Lidija Dimkovska - "A Spare Life"- Angelina Ilieva
Lidija Dimkovska discusses A Spare Life. She will be joined in conversation by Angelina Ilieva.
Co-sponsored by CEERES
At the Co-op
About the book: Zlata and Srebra are 12-year-old twins conjoined at the head. It is 1984 and they live in Skopje, which will one day be the capital of Macedonia but is currently a part of Yugoslavia. A Spare Life tells the story of their childhood, from their only friend Roze to their neighbor Bogdan, so poor that he one day must eat his pet rabbit. Treated as freaks and outcasts—even by their own family—the twins just want to be normal girls. But after an incident that almost destroys their bond as sisters, they fly to London, determined to be surgically separated. Will this be their liberation, or only more tightly ensnare them?
At once extraordinary and quotidian, A Spare Life is a chronicle of two girls who are among the first generation to come of age under democracy in Eastern Europe. Written in touching prose by an author who is also a master poet, it is a saga about families, sisterhood, immigration, and the occult influences that shape a life. Funny, poignant, dark, and sharply observed, Zlata and Srebra reveal an existence where even the simplest of actions is unlike any we’ve ever experienced.
About the author: Lidija Dimkovska is the recipient of numerous awards, including the 2013 European Union Prize for Literature for A Spare Life. She is also the author of the poetry collection pH Neutral History (Copper Canyon Press, 2012), which was a finalist for the 2013 Best Translated Book Award, and Do Not Awaken Them With Hammers (Ugly Duckling Presse, 2006). She lives in Ljubljana, Slovenia.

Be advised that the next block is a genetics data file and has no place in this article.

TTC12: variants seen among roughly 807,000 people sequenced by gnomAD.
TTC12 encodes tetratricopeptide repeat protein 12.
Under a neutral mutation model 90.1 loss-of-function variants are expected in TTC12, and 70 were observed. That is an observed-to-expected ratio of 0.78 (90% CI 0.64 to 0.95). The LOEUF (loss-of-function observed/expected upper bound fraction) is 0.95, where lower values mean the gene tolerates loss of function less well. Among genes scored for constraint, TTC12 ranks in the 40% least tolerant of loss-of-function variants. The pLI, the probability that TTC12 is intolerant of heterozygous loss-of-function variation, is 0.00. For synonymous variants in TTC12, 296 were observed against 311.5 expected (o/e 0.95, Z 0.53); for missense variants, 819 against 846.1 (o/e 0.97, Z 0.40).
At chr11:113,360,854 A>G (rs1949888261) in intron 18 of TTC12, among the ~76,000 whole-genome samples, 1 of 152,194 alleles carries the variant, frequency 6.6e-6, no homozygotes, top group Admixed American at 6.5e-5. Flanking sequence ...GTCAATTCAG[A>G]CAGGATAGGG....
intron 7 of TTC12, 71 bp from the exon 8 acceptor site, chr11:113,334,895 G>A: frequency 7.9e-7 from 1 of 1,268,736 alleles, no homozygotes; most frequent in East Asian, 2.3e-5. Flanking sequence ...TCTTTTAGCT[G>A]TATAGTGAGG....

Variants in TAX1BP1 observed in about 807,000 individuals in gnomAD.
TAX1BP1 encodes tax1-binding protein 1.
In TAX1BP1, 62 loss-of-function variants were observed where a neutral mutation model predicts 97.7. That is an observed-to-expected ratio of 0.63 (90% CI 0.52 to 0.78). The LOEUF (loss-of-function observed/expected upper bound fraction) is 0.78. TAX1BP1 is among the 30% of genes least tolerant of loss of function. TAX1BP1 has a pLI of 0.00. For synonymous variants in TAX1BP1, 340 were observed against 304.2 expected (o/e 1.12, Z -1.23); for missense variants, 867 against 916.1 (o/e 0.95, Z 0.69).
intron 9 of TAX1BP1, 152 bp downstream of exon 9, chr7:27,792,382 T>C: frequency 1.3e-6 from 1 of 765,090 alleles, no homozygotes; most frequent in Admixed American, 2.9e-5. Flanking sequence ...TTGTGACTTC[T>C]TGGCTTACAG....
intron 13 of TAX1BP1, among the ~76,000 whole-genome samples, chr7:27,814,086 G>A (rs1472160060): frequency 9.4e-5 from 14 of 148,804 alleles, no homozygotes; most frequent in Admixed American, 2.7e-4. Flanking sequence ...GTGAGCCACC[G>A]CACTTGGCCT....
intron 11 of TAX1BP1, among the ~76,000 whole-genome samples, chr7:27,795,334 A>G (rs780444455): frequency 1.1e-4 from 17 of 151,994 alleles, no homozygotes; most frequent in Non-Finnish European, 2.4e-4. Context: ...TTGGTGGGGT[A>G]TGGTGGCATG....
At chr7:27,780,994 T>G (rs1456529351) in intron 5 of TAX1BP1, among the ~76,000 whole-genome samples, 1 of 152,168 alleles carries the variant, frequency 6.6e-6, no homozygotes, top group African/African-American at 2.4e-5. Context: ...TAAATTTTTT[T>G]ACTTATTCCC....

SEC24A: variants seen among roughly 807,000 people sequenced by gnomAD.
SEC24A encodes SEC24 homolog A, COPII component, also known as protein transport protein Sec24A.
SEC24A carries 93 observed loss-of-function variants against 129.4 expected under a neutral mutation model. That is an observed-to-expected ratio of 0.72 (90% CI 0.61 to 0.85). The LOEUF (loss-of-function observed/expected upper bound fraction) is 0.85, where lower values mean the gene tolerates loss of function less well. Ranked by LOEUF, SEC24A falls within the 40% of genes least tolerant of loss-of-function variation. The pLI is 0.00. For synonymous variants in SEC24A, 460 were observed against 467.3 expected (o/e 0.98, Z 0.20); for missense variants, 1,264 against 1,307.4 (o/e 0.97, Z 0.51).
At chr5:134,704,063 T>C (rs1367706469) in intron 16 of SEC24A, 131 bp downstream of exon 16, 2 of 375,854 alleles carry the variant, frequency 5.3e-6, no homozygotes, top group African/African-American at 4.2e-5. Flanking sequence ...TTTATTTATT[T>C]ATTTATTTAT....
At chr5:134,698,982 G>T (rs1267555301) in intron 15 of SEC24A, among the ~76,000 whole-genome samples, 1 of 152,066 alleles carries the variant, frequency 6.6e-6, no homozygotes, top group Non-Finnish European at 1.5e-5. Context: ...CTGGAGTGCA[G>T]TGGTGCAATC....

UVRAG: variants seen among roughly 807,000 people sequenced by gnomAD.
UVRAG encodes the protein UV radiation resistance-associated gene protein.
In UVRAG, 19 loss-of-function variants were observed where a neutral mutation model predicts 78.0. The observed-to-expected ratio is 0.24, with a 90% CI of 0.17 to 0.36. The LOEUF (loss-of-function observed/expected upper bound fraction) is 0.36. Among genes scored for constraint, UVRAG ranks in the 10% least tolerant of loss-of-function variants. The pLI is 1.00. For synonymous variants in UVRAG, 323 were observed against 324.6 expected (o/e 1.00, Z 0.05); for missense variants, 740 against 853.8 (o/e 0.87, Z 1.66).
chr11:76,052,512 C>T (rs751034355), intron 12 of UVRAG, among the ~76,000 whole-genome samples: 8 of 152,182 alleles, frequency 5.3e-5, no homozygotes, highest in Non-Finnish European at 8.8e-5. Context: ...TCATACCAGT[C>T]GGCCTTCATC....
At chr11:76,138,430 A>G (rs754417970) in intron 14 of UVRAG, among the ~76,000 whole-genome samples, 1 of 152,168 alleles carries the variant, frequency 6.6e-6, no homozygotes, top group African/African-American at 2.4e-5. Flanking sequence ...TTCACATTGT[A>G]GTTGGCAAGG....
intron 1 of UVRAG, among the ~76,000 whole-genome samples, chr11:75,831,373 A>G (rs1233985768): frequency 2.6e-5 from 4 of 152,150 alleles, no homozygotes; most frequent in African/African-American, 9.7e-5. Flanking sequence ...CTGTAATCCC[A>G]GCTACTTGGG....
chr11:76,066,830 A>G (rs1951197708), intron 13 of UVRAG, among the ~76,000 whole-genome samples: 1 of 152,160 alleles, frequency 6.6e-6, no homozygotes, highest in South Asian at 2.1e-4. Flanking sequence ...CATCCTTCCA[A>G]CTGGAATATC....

About the interlocutor: Angelina Ilieva is a lecturer in South Slavic and Balkan Literatures at the Department of Slavic Languages and Literatures at the University of Chicago, where she teaches classes on literature, culture, and identities in South Eastern Europe. Her main focus is on the relations between narration and identities.
About the co-sponsor: The University of Chicago has been providing instruction in disciplines of the CEERES region continuously since 1903, when courses in Russian language and area studies were begun. The center now known as CEERES has been in existence since 1965, and it continues to coordinate instruction and facilitate research about Russia/Eurasia and Eastern/Central Europe, including the Baltic States, Balkans, Caucasus, and Central Asia. In addition to its robust language offerings, CEERES supports curricula which are particularly strong at present in Russian/Soviet history; Slavic, Balkan, and Baltic linguistics; nationalities studies of the former USSR; Slavic literatures (Russian, Polish, Czech); Russian and East European cultural anthropology; comparative literature; archaeology of the Caucasus; Russian and East European film and art history, and business administration. CEERES faculty have expertise also in political science, international relations, economics, sociology, and Central and East European, Byzantine, and Ottoman history.